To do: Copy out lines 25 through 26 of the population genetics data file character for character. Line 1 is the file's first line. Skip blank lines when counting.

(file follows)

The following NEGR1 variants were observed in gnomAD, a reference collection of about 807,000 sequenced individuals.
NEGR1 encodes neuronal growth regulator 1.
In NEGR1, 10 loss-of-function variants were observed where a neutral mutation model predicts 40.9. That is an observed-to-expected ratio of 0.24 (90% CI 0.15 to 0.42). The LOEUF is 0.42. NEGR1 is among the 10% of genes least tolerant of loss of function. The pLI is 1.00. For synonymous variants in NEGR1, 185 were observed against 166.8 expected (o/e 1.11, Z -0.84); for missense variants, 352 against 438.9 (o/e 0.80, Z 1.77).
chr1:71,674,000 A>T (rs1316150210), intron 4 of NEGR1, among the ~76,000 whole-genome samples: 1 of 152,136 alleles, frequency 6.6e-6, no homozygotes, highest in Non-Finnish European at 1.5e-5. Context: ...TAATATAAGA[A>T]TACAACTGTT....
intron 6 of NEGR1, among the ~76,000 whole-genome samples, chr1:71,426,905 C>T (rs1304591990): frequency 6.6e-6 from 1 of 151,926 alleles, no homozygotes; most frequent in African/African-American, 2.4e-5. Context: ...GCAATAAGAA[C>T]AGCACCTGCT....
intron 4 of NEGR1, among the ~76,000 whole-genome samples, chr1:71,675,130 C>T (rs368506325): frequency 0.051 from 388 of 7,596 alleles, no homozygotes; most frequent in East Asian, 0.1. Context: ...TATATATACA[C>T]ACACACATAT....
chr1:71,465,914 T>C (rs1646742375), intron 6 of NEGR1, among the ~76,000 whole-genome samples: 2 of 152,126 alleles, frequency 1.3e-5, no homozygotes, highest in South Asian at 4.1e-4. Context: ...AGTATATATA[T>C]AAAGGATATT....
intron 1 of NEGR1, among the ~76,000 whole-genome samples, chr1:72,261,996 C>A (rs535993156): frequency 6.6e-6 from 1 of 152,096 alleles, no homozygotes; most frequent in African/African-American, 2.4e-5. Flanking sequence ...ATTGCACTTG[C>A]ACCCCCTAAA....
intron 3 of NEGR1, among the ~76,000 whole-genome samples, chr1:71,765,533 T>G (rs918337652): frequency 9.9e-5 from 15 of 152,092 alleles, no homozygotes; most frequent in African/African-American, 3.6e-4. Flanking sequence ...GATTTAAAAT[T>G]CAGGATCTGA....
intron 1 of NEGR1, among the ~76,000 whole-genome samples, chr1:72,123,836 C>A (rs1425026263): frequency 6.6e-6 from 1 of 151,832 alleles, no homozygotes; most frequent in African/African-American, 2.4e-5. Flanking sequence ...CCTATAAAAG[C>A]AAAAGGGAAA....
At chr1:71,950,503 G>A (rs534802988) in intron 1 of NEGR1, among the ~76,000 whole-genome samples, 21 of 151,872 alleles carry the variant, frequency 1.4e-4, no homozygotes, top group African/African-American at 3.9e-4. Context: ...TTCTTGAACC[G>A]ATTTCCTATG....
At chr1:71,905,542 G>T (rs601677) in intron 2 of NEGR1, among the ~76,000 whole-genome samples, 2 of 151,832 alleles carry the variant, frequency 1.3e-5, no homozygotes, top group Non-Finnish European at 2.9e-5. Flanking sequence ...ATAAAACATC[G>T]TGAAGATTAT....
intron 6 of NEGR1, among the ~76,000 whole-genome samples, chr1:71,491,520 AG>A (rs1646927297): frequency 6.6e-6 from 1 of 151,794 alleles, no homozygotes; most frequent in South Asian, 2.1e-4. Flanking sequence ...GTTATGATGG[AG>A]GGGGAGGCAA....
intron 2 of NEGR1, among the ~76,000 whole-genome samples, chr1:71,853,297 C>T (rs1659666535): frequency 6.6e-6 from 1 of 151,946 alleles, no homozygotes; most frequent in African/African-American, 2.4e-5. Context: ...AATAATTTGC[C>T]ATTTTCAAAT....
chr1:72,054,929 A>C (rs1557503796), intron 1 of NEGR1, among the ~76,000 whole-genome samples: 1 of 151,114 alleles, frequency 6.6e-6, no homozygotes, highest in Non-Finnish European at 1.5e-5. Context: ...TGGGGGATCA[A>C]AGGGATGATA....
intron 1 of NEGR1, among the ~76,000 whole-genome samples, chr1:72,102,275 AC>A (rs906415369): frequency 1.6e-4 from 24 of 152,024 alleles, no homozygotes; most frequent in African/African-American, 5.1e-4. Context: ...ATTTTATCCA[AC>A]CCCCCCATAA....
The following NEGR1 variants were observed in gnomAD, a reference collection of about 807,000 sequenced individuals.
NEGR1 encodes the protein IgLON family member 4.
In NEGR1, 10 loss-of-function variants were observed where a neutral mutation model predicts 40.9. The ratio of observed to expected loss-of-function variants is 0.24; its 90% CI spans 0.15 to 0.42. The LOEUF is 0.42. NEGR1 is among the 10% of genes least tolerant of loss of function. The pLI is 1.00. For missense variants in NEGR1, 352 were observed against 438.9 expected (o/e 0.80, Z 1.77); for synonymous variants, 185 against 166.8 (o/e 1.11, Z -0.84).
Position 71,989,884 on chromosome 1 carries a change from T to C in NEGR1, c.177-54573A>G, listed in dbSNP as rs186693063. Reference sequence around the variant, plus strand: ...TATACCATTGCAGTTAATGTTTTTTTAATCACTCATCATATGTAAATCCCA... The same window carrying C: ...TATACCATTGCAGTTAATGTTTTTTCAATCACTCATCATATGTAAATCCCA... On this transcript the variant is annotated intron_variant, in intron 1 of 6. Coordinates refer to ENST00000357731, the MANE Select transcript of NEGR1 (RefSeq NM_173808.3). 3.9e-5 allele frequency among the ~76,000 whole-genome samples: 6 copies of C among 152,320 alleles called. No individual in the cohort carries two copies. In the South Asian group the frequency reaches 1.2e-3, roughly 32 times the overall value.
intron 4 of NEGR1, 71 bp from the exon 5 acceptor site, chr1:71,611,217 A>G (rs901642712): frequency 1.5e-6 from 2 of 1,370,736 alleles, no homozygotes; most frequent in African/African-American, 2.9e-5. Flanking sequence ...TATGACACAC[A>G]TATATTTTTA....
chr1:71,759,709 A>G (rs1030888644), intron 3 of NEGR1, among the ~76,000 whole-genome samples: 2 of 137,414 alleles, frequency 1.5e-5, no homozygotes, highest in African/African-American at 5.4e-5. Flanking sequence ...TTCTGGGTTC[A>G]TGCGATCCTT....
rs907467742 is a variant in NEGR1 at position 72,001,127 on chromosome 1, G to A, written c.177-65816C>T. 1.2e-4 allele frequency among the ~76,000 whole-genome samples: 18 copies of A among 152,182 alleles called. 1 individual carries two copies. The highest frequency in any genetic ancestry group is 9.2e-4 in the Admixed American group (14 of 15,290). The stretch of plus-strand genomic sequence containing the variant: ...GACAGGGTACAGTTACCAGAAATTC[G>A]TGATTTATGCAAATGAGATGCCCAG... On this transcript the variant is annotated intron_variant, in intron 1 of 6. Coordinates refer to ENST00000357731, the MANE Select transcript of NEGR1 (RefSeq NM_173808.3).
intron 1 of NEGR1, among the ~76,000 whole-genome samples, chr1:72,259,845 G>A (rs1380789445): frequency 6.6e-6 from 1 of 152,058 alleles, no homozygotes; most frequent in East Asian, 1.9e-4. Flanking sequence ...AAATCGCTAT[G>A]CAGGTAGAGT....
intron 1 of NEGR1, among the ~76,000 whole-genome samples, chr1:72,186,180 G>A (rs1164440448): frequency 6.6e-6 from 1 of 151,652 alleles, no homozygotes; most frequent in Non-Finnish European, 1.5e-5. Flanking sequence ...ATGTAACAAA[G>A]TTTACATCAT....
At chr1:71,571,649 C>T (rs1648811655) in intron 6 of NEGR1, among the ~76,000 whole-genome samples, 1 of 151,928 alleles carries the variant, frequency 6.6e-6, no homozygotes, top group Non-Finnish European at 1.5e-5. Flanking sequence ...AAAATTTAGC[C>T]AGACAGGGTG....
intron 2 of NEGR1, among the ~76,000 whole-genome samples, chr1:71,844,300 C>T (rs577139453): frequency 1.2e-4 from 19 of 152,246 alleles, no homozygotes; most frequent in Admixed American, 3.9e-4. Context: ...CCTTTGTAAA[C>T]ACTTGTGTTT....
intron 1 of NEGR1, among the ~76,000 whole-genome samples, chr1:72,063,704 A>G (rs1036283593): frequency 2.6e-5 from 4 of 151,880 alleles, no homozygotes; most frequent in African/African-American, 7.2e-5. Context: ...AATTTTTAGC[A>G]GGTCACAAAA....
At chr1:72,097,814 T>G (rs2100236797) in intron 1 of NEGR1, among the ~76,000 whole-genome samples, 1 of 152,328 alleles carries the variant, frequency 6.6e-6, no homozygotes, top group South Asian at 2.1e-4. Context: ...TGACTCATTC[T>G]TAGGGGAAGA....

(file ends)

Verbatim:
intron 1 of NEGR1, among the ~76,000 whole-genome samples, chr1:72,186,180 G>A (rs1164440448): frequency 6.6e-6 from 1 of 151,652 alleles, no homozygotes; most frequent in Non-Finnish European, 1.5e-5. Flanking sequence ...ATGTAACAAA[G>A]TTTACATCAT....
At chr1:71,571,649 C>T (rs1648811655) in intron 6 of NEGR1, among the ~76,000 whole-genome samples, 1 of 151,928 alleles carries the variant, frequency 6.6e-6, no homozygotes, top group Non-Finnish European at 1.5e-5. Flanking sequence ...AAAATTTAGC[C>T]AGACAGGGTG....